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Ultra Mobile Reporting Kit V12. No Cables.

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Ultra Mobile Reporting Kit 12

It’s been a long time since I wrote about an Ultra Mobile Reporting Kit. V11 was back at CES 2012 and since then I’ve attended a number of important trade shows where the kit hasn’t changed much at all. Bridge Camera, Nokia Cameraphone, Tablet, Ultrabook. For IFA and IDF, two back-to-back events that start on Wednesday this week I’ve put together something new. It’s Windows-only and the plan is that there won’t be any cables involved outside of overnight accommodation. That means no chargers for laptops and no USB cables for charging phones. It’s a bold move.

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Acer W510. Is Clovertrail Enough for Mobile Content Creation? [Updated]

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There’s no question that the Acer W510 is now stable enough, has huge amounts of battery power and is portable enough to be a real advantage for a mobile blogger but is it good enough in other departments, namely CPU, storage and keyboard? Can this 1300gm dockable do the business?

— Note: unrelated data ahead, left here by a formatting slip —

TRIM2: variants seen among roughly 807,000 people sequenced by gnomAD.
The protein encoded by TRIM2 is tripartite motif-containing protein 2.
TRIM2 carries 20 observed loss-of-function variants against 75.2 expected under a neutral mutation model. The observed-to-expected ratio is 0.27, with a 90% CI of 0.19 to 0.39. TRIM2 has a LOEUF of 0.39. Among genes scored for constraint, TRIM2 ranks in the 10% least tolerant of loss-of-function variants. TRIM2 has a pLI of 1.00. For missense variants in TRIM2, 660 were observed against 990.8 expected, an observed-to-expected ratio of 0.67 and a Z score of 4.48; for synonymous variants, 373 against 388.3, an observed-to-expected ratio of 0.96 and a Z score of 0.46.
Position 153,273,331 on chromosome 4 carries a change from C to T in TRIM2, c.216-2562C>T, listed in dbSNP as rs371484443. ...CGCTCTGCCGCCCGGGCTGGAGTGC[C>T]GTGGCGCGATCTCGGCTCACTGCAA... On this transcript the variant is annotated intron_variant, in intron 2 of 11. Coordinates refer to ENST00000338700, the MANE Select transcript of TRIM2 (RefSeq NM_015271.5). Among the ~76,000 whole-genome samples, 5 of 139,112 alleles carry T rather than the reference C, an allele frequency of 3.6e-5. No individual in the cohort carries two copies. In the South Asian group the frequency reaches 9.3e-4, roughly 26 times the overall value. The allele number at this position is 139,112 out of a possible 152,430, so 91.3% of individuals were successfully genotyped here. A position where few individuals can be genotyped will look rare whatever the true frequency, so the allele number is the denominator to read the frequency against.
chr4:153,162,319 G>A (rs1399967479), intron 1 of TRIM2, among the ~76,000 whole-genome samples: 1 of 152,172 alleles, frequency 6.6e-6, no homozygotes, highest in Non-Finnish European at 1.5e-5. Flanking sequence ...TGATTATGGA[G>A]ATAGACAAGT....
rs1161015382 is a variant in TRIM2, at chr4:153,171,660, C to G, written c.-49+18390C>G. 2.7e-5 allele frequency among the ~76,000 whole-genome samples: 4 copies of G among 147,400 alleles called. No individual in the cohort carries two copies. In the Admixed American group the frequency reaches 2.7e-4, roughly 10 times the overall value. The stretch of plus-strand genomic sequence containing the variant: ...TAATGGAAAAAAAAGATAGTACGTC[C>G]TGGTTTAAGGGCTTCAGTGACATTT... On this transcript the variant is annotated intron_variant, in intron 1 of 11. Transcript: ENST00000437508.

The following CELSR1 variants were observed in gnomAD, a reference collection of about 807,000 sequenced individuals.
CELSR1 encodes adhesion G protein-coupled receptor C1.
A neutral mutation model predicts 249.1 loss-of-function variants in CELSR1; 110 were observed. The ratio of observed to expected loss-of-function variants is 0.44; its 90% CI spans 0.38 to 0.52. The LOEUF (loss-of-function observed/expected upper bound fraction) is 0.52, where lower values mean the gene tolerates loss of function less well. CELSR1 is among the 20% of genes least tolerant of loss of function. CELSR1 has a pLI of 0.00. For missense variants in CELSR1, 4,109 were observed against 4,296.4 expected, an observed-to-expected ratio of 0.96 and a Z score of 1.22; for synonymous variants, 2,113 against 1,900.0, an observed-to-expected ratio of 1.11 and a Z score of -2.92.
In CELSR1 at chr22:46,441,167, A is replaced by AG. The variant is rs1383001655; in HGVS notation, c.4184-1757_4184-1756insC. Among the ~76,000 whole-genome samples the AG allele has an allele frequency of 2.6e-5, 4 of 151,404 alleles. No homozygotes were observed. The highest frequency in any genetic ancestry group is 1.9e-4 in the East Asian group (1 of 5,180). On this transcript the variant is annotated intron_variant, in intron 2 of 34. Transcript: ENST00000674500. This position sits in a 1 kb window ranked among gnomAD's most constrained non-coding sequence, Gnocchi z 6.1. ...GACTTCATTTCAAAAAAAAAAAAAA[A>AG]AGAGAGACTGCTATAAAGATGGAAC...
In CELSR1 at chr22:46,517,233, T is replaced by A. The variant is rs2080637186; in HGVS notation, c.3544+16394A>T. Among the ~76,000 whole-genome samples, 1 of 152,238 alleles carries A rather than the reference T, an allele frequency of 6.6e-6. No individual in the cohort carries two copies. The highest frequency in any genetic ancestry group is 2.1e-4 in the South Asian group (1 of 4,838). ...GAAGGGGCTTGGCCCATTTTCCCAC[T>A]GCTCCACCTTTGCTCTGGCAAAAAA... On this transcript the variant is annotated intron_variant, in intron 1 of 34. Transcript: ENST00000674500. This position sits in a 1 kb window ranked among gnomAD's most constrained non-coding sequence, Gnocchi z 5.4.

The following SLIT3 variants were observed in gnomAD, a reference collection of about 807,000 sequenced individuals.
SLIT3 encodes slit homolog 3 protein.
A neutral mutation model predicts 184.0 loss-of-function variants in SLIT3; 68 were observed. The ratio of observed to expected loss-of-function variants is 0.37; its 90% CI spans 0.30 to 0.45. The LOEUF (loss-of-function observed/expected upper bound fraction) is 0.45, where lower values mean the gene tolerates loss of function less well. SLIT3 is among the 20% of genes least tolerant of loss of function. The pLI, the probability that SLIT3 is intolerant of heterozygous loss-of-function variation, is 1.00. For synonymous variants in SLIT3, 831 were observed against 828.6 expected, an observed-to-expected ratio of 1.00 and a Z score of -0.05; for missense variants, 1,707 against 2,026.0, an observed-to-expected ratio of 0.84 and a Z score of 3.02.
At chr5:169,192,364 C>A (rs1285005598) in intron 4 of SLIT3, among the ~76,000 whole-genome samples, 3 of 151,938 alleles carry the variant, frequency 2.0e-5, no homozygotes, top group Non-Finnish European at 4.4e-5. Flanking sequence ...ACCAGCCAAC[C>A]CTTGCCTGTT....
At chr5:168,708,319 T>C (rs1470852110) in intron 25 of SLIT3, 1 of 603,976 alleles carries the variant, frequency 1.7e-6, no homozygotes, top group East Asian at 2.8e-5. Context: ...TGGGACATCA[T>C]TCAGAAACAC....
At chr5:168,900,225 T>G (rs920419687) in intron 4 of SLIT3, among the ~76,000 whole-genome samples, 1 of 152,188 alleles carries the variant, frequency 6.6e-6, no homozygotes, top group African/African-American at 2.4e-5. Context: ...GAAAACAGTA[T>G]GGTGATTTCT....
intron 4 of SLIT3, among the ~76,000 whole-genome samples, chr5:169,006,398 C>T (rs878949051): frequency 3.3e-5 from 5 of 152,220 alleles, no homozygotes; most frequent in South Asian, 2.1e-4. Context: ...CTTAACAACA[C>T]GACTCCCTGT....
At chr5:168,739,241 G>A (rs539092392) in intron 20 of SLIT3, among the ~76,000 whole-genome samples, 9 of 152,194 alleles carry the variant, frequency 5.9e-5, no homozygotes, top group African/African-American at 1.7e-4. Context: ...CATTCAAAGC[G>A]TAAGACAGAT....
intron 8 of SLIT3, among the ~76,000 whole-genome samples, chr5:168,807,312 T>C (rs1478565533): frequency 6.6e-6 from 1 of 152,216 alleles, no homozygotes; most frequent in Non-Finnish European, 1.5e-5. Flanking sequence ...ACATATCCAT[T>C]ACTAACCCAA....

[Update below]

The Acer W510 is an Intel Clovertrail-based tablet with docking keyboard and battery. Not only is the tablet very efficient at running Windows 8 but there’s a total of 60Wh of battery in total, equivalent to a good 6-cell on a netbook. That’s a huge amount for such a small device and combined with super efficiency and Connected Standby is means there should be absolutely no need for a power cable during a 16hours period of working – typical for the sort of trade-show working I’m thinking of next week at MWC in Barcelona.

But is it comfortable enough? Under the pressure of having to get videos and blog posts out as soon as possible is the keyboard and CPU combination – a borderline one at the best of times – going to cause me to, well, lose productiity? Or is the portability and battery life going to be worth the potentially longer video rendering times, the raised stress levels when typing and the annoyance at applications that don’t start up immediately. The Wi-Fi isn’t professional-grade either!

There are other things to think about too.

Ethernet – You want to be able to connect via cable to get those videos up as quickly as possible. Solution – USB Ethernet cable. I’m using it right now!

3G – Built-in 3G would be really good. The W511 has it but I really can’t afford to trade-up right now. The good old MiFi unit, tied to a battery pack, will have to do 3G duties.